06/24/2010, 00.00
CHINA
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More strikes in China, Toyota stops

Workers put down their tools for a third day in a row. They want better salaries and a higher end-of-year bonus. Worker rights advocate Han Dongfang says, “After 30 years of reform and spectacular economic growth, the cracks are beginning to show”; workers deserve “better standard of living, better working conditions and a better future”.

Beijing (AsiaNews/Agencies) – The wave of strikes that hit China in the past month is not over yet. Giant Japanese carmaker Toyota has confirmed that its Guangzhou plant has stopped production for a third consecutive day. Its rival, Honda, has been able to restart but only after giving in to workers’ demands. For worker rights advocate Han Dongfang, 30 years of repression are coming to an end. Workers have had enough and are taking their history in their hands.

Toyota production stopped on Tuesday after workers at Toyota-affiliated parts maker Denso Corp, which makes fuel injectors and other components, put down their tools. The assembly line stopped and some workers at headquarters joined fellow workers in the strike. More than 200 employees stopped work to demand higher pay and less mandatory overtime. In the meantime, production is still halted as talks continue, a company spokesperson said.

This is second major strike to hit Toyota, after the three-day stoppage at its Tianjin plant, in northern China. Workers want their monthly salaries increased from 1,200 yuan to 1,700 yuan (US$ 250) and that their end of year bonus increased from 1,200 yuan to 6,800 yuan (US$ 1,000). Management agreed to the pay rise but not the bonus demand.

After giving in to all of the workers’ demands, rival Honda was able to get them to go back to work in its Huangpu and Zengcheng plants, in Guangzhou’s industrial zone.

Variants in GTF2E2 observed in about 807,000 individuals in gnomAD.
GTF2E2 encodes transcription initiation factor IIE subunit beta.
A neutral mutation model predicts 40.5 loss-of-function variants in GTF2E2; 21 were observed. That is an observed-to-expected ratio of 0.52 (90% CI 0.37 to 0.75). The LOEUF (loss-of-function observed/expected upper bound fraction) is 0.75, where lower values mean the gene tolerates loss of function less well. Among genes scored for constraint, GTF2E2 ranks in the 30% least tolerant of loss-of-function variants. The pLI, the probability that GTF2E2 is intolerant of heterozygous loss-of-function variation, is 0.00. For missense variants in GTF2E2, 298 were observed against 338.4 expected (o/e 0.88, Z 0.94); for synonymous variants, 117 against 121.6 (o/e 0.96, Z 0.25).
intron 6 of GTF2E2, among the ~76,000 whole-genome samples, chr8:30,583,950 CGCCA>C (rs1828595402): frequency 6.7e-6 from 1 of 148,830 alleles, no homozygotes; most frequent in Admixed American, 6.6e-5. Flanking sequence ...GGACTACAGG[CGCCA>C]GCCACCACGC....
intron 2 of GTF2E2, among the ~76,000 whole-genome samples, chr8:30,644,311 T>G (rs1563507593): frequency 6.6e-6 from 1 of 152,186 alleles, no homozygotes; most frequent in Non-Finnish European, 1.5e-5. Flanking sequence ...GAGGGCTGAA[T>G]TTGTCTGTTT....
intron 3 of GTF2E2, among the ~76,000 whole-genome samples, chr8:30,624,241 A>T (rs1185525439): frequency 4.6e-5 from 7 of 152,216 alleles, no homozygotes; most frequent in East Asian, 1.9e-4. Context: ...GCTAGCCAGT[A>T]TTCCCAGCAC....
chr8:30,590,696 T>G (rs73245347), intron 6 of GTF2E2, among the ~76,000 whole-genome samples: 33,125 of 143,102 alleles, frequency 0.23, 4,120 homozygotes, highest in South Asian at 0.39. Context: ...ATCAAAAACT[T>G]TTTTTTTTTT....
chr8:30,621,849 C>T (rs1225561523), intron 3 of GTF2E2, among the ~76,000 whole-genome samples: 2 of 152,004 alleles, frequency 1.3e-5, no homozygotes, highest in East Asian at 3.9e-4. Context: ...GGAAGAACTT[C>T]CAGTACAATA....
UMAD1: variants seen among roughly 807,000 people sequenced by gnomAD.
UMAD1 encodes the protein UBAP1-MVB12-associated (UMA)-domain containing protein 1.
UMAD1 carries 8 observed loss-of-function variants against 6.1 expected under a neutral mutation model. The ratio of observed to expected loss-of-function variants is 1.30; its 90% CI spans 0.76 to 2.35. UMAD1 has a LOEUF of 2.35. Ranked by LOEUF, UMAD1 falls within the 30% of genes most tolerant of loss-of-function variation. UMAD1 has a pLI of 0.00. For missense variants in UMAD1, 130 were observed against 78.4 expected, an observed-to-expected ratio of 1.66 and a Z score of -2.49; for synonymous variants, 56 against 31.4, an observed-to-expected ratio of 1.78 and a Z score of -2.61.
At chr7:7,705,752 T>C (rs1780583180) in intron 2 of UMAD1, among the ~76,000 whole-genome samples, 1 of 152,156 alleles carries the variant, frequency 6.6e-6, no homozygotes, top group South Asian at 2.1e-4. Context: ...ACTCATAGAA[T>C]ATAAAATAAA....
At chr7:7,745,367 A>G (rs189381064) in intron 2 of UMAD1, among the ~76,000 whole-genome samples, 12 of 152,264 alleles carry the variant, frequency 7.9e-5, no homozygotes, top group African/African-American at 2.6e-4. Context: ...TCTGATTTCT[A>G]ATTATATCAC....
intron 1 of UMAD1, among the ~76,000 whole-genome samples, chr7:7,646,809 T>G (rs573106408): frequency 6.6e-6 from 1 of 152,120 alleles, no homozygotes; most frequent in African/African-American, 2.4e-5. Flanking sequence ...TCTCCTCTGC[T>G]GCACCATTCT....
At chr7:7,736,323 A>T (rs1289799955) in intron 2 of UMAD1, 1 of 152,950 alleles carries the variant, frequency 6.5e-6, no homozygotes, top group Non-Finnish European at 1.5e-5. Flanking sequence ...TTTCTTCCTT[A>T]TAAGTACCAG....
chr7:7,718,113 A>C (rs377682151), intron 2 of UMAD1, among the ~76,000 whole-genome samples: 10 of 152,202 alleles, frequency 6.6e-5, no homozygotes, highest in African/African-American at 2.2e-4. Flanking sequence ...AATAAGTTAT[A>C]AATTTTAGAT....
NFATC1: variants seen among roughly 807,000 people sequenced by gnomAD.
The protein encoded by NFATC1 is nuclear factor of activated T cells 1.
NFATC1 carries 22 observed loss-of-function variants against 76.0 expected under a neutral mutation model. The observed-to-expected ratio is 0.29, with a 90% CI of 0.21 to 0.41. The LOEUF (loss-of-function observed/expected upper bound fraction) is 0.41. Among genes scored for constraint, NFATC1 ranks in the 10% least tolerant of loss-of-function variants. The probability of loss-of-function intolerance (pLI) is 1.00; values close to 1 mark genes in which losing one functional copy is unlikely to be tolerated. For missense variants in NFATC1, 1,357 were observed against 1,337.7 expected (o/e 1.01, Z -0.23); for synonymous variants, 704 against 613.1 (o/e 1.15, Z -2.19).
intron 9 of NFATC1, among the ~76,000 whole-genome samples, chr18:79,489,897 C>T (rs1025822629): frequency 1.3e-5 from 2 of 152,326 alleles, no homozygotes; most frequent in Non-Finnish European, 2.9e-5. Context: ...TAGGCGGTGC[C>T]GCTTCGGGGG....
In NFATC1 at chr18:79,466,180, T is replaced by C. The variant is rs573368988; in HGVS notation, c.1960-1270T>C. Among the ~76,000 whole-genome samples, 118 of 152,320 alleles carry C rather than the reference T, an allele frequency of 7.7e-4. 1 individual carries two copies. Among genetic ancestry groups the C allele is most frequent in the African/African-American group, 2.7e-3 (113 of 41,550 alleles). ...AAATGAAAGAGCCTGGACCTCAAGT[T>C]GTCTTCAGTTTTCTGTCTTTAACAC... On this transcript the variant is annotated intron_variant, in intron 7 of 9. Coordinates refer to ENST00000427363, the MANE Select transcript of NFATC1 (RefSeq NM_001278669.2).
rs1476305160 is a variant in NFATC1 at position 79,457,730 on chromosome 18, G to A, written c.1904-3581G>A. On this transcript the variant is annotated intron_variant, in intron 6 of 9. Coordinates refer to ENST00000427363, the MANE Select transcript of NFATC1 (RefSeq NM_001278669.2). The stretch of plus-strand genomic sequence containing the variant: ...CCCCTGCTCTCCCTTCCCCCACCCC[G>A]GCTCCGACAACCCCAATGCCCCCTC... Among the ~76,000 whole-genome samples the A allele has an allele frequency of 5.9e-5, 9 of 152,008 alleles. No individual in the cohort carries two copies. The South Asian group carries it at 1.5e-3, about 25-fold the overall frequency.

A local industry official, who is also a member of the National People's Congress, helped mediate an end to the strike.

Even though, the central government fears strikes, it has been ambivalent towards them. On the one hand, it has rapped foreign companies, calling on them to treat better workers. In addition, even Prime Minister Wen Jiabao has called migrant workers “children of the nation”. On the other, it has called on police to deal directly with situations that could threaten domestic stability.

“After 30 years of reform and spectacular economic growth, the cracks are beginning to show,” said Han Dongfang, founder of the China Labour Bulletin. “The workers who have created China's economic miracle are tiring of being treated like cogs in a machine, working long hours in dangerous conditions for derisory pay. They are now saying enough is enough, staging strikes and protests across the country to demand not just their basic legal rights, but also a better standard of living, better working conditions and a better future.”

Workers have taken their destiny in their own hands because trade unions (where they exist) are government-controlled. One solution is to reduce the daily costs of food, housing, health and social services. However, the term "migrant worker" should be abandoned. “Workers are workers, no matter where they come from, and should all be treated with dignity and respect,” Han said.

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